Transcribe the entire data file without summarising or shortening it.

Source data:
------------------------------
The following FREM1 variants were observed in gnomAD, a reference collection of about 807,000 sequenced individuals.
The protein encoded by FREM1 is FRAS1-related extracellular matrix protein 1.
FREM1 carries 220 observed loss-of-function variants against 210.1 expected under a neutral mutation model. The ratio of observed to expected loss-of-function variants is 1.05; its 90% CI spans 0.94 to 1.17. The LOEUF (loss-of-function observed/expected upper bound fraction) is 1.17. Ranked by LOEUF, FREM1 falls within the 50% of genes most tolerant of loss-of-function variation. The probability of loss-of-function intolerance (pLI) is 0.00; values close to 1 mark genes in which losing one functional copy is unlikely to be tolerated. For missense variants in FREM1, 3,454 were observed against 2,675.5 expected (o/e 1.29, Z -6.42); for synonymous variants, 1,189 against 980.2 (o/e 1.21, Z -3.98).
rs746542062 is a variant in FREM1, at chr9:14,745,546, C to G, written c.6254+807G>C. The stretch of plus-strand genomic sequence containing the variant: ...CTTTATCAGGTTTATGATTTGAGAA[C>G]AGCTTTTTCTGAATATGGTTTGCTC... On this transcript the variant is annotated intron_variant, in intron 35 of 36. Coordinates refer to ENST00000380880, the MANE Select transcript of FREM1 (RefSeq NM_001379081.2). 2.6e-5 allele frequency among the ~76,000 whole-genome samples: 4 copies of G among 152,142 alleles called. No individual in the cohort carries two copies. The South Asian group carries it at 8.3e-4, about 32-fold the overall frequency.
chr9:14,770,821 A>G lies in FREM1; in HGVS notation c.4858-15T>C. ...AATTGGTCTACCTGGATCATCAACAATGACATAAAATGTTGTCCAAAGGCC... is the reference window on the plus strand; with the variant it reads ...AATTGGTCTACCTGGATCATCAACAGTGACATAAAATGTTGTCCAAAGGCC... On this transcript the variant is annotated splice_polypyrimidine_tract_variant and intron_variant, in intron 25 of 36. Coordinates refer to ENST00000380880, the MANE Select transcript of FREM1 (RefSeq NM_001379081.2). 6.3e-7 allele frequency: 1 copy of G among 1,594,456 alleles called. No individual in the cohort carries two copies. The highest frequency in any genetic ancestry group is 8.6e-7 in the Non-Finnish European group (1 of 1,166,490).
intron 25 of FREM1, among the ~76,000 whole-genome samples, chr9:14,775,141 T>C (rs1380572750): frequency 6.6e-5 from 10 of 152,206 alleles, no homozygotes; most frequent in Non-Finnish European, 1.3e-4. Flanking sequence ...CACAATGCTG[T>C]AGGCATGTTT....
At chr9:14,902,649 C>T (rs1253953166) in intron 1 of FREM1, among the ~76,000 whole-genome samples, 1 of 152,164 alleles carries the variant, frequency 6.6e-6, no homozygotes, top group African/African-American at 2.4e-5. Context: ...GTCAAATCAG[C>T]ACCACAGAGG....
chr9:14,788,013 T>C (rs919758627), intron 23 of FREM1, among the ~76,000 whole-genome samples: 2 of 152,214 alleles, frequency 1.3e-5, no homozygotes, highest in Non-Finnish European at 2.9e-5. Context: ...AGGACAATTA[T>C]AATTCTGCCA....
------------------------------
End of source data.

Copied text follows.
The following FREM1 variants were observed in gnomAD, a reference collection of about 807,000 sequenced individuals.
The protein encoded by FREM1 is FRAS1-related extracellular matrix protein 1.
FREM1 carries 220 observed loss-of-function variants against 210.1 expected under a neutral mutation model. The ratio of observed to expected loss-of-function variants is 1.05; its 90% CI spans 0.94 to 1.17. The LOEUF (loss-of-function observed/expected upper bound fraction) is 1.17. Ranked by LOEUF, FREM1 falls within the 50% of genes most tolerant of loss-of-function variation. The probability of loss-of-function intolerance (pLI) is 0.00; values close to 1 mark genes in which losing one functional copy is unlikely to be tolerated. For missense variants in FREM1, 3,454 were observed against 2,675.5 expected (o/e 1.29, Z -6.42); for synonymous variants, 1,189 against 980.2 (o/e 1.21, Z -3.98).
rs746542062 is a variant in FREM1, at chr9:14,745,546, C to G, written c.6254+807G>C. The stretch of plus-strand genomic sequence containing the variant: ...CTTTATCAGGTTTATGATTTGAGAA[C>G]AGCTTTTTCTGAATATGGTTTGCTC... On this transcript the variant is annotated intron_variant, in intron 35 of 36. Coordinates refer to ENST00000380880, the MANE Select transcript of FREM1 (RefSeq NM_001379081.2). 2.6e-5 allele frequency among the ~76,000 whole-genome samples: 4 copies of G among 152,142 alleles called. No individual in the cohort carries two copies. The South Asian group carries it at 8.3e-4, about 32-fold the overall frequency.
chr9:14,770,821 A>G lies in FREM1; in HGVS notation c.4858-15T>C. ...AATTGGTCTACCTGGATCATCAACAATGACATAAAATGTTGTCCAAAGGCC... is the reference window on the plus strand; with the variant it reads ...AATTGGTCTACCTGGATCATCAACAGTGACATAAAATGTTGTCCAAAGGCC... On this transcript the variant is annotated splice_polypyrimidine_tract_variant and intron_variant, in intron 25 of 36. Coordinates refer to ENST00000380880, the MANE Select transcript of FREM1 (RefSeq NM_001379081.2). 6.3e-7 allele frequency: 1 copy of G among 1,594,456 alleles called. No individual in the cohort carries two copies. The highest frequency in any genetic ancestry group is 8.6e-7 in the Non-Finnish European group (1 of 1,166,490).
intron 25 of FREM1, among the ~76,000 whole-genome samples, chr9:14,775,141 T>C (rs1380572750): frequency 6.6e-5 from 10 of 152,206 alleles, no homozygotes; most frequent in Non-Finnish European, 1.3e-4. Flanking sequence ...CACAATGCTG[T>C]AGGCATGTTT....
At chr9:14,902,649 C>T (rs1253953166) in intron 1 of FREM1, among the ~76,000 whole-genome samples, 1 of 152,164 alleles carries the variant, frequency 6.6e-6, no homozygotes, top group African/African-American at 2.4e-5. Context: ...GTCAAATCAG[C>T]ACCACAGAGG....
chr9:14,788,013 T>C (rs919758627), intron 23 of FREM1, among the ~76,000 whole-genome samples: 2 of 152,214 alleles, frequency 1.3e-5, no homozygotes, highest in Non-Finnish European at 2.9e-5. Context: ...AGGACAATTA[T>C]AATTCTGCCA....